Metformin not only improves blood glucose control by increasing glucose uptake in tissues but also decreases glucose output from the liver. Metformin causes weight loss by also inhibiting glucose production by the liver. Metformin also reduces glucose absorption from the intestinal system. These mechanisms provide less glucose for energy storage in the fat tissue. Notably, it has been shown that, in contrast to weight loss induced by low-calorie diets, metformin diminishes fat tissue but not lean body mass.

Furthermore, abdominal fat tissue tends to retain its sensitivity to insulin. There typically leads to the persistence of abdominal fat tissue in insulin-resistant obese patients. Restoring insulin sensitivity by metformin reduces insulin secretion. As a result, the insulin receptors of abdominal fat tissue are exposed to less insulin. This, in turn, results in a lower energy uptake by abdominal fat and thereby reduces abdominal fat mass.
Interestingly, however, metformin did also cause significant weight loss in obese patients without insulin resistance. This makes us think of other mechanisms than just reducing insulin resistance. For example, when we use metformin in patients with PCOS who are not obese it still helps them lose weight.

Appetite reduction with metformin

Metformin leads to a decrease in appetite. Some also believe that appetite reduction with metformin may be due to a decrease in leptin levels. Actually studies proved that by showing a reduction in leptin levels in patients taking metformin. Furthermore, GLP-1 levels seem to rise significantly under metformin and may thus promote weight loss. If you remember from our previous blogs we will discuss the weight loss effects of Ozempic and Rybelsus. These drugs are GLP-1 drugs. As a result, they actually cause much more weight loss than metformin. They also create much more appetite reduction than metformin.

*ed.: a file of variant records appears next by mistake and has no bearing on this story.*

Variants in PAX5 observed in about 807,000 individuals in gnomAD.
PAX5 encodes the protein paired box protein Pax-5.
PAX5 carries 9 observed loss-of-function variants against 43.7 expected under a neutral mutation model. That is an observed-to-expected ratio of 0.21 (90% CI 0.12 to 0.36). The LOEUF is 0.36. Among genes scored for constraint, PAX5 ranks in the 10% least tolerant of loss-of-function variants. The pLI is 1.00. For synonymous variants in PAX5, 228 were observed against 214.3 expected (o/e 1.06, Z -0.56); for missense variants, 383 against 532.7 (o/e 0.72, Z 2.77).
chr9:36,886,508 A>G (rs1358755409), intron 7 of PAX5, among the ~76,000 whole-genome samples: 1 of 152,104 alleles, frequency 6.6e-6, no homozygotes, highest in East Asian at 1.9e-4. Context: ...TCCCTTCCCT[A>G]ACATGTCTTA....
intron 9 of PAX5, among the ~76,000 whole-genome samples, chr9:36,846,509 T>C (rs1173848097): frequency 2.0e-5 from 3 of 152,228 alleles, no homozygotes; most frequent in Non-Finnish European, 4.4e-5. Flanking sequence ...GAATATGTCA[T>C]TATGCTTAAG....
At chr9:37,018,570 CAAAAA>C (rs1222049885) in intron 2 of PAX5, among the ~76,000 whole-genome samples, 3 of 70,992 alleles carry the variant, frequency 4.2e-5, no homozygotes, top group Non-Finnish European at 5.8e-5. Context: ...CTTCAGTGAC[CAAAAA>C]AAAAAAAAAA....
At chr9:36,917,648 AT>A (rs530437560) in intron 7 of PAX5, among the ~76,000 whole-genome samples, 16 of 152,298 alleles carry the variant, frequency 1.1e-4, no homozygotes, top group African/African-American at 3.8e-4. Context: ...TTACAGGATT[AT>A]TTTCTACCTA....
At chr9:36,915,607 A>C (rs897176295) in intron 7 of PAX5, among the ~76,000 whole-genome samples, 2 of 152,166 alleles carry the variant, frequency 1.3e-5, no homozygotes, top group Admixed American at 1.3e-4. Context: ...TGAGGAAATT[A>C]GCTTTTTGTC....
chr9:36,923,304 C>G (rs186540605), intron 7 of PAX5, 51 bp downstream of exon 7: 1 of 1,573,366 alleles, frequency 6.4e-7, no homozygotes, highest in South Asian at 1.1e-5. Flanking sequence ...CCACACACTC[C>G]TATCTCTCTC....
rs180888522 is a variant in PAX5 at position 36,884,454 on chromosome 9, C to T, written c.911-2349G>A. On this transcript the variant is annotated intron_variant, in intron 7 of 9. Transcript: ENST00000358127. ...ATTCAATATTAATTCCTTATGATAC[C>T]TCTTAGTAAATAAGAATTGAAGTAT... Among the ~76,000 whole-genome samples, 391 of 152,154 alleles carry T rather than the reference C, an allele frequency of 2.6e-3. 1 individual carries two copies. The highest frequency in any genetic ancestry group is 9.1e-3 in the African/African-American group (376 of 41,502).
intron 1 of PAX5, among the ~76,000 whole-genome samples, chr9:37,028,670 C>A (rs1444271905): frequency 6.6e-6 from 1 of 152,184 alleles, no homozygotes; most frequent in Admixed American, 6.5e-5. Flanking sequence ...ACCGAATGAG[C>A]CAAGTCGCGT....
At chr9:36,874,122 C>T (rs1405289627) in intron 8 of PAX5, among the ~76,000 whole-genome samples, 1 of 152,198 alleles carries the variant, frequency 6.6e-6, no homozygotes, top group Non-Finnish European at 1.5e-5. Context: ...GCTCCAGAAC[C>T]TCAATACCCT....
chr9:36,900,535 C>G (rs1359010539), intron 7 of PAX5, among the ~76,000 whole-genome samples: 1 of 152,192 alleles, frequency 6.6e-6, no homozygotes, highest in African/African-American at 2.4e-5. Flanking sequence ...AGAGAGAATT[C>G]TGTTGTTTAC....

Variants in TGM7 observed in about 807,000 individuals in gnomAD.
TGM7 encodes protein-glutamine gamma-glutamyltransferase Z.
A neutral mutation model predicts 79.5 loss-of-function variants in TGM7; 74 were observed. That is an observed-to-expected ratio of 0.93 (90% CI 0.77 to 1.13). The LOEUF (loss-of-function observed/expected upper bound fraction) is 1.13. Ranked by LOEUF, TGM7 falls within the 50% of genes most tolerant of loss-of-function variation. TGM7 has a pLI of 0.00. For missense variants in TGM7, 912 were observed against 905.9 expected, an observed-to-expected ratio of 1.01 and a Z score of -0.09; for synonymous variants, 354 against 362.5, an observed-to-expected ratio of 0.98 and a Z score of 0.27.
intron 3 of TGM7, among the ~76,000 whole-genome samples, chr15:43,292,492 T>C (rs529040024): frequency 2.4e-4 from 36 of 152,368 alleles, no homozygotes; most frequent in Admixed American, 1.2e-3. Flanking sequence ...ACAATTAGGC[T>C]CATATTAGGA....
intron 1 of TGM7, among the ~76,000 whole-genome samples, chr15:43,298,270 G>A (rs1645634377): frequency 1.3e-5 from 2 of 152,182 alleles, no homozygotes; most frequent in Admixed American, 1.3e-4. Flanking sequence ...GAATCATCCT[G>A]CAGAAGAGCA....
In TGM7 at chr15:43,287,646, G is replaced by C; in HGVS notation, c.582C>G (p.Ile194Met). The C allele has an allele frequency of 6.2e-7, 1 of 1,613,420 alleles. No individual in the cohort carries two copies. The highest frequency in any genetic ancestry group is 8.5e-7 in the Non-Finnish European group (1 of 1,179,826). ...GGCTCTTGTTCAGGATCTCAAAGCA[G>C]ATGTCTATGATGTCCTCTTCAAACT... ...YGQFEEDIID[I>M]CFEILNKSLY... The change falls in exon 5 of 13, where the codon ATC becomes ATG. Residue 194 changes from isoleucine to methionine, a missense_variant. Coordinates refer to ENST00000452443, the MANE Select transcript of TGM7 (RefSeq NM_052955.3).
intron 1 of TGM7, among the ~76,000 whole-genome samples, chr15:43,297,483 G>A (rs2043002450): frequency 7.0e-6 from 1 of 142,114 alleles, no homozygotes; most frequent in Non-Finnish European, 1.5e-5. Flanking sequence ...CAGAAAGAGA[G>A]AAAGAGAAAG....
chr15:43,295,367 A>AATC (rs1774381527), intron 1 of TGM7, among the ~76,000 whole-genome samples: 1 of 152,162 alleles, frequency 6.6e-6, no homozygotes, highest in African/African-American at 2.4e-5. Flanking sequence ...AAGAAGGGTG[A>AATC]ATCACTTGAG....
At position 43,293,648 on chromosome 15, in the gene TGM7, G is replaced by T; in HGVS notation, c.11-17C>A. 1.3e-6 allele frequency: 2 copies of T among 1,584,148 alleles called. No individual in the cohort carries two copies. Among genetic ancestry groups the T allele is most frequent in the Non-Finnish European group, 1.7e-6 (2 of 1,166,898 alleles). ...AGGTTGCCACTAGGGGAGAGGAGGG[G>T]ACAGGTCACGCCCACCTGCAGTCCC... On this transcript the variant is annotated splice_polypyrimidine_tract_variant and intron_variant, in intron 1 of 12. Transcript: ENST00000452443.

We know that patients with severe obesity have a greater capacity to lose weight than patients with relatively mild obesity. For example, a 400-pound patient who loses 5% of their weight with lose 20 pounds whereas a 200-pound patient will lose only 5 pounds. Studies also note that the effectiveness of metformin as a weight-reducing agent was independent of age or sex.

In summary, the literature data suggest that if doctors treat obese patients with metformin in high enough doses it is a beneficial and cost-effective drug to reduce weight. The effectiveness of metformin as a weight-reducing agent is not restricted to insulin-resistant patients. Nevertheless, we still expect a greater weight loss in patients with insulin resistance/metabolic syndrome.

What other benefits metformin can provide?

In addition to weight loss, there are studies suggesting the anticancer effect of metformin. Some suggest metformin can actually reduce heart attacks and strokes as well. Moreover, there is compelling evidence of the antiaging features of metformin. Metformin has effects on cholesterol as well. We will discuss these in the following articles/blog posts.

If you want to learn more about insulin resistance, metabolic syndrome metformin and weight loss associated with metformin please contact us at www.sugarmds.com.
At our diabetes center, we care for diabetes remotely. We can consult, monitor and treat you via telemedicine. We use technology in order to treat all that. Diabetes specialist, diabetes coach, pharmacists worked together to achieve a cost-effective and successful diabetes treatment.